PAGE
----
Advice for aspiring managers

I’m a manager because I find joy in fixing things.  As a developer I always felt a little odd.  I would cruise through bug fix after bug fix but would stutter and drag when working on new projects.  I know that the typical attitude is that developers always want to work on the new and the cool.  They want to explore and do things that no one else has done.  But I always felt backwards because I was so much happier fixing a bug that took a week to track down than if I worked on the new hotness for a month.

Early in my career I came to understand that I have skill in working with people in addition to code.  I took the time to cultivate those skills and to find how best to apply them.  That’s when I found out that management is so misunderstood by so many people.  Some believe it’s all about power.  Others believe it’s an achievement.  The cynic will tell you that managers don’t do anything; that only the individual contributors do “real work.”  When you take that argument to it’s logical conclusion then it’s easy to say that all CEO salaries are too high.  In reality, good managers are just people who like to fix things.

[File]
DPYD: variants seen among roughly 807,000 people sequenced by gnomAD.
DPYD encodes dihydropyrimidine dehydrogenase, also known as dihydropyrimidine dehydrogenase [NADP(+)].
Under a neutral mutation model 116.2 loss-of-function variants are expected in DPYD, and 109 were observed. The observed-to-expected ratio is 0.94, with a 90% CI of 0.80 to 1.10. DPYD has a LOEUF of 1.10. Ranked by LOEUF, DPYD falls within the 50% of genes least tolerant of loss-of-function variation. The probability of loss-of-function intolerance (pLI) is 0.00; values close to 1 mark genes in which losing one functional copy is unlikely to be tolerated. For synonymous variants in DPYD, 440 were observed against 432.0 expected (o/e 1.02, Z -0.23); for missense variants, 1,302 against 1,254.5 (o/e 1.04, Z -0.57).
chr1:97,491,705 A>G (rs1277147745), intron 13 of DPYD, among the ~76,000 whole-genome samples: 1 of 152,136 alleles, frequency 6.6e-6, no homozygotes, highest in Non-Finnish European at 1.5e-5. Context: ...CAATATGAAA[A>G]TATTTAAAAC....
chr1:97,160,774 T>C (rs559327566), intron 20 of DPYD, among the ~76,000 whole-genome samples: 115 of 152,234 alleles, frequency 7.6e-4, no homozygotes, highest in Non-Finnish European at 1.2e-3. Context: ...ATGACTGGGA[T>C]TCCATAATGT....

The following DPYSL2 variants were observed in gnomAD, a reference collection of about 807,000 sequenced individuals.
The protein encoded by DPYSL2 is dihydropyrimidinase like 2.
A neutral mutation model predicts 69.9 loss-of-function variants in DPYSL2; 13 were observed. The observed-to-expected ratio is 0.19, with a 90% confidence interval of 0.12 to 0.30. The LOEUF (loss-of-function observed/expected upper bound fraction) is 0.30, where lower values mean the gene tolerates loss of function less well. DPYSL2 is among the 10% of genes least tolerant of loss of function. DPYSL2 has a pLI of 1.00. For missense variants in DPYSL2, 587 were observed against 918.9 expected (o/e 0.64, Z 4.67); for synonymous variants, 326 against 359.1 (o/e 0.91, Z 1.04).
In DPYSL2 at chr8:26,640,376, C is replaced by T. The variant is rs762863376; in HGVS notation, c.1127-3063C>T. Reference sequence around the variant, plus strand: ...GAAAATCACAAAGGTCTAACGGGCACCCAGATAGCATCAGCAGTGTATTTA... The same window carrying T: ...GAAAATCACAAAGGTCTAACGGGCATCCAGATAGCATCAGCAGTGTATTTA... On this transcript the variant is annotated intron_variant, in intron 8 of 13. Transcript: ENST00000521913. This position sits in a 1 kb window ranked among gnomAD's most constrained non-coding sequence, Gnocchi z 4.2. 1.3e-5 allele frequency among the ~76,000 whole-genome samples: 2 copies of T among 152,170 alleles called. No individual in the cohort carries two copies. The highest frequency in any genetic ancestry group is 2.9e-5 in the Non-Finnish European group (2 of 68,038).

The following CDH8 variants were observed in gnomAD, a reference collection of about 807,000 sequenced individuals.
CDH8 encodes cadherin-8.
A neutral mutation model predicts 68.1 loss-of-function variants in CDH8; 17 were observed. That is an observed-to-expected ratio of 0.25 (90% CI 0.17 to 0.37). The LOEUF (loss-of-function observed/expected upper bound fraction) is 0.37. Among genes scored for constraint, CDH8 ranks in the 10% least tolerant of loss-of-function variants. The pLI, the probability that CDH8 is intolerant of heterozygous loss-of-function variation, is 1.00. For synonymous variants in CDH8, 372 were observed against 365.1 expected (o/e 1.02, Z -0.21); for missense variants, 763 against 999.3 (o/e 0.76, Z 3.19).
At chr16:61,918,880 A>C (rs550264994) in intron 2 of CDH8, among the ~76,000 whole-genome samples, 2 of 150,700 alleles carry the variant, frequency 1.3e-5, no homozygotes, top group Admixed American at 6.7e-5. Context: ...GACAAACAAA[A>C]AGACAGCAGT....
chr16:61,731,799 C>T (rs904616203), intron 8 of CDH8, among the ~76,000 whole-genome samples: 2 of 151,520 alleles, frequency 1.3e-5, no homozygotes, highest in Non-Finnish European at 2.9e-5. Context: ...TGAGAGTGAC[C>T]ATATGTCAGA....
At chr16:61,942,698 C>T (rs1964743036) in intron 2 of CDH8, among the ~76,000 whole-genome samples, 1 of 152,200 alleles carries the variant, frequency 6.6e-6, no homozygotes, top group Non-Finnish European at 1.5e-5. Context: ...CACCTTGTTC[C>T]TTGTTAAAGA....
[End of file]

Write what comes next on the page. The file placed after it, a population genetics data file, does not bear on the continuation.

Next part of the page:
Managers deal with problems.  Most issues don’t get moved up the chain unless they are too difficult or messy to deal with lower down.  A manager is never going to help decide whether you should use an insertion sort or a bubble sort.  It’s only when things aren’t working that the manager adds value to the process.  And that value can be immense.

Managers have power because they are trusted to make the right decision when no one below them has known it.  A high title represents knowledge of how to make things better.  As soon as things are good then there is no reason for a manager to be involved any more.  A good CEO’s pay is high because he is dealing with issues so difficult that no one else in the organization has been able to solve them.

My advice to aspiring managers is to play to your strengths.  If you want to work on new fancy things then do that, but remember that managers don’t work on new fancy.  Managers take busted things and fix them.  You should try to find joy in your career.  If you find the most joy in fixing the hardest bugs, then welcome to management.

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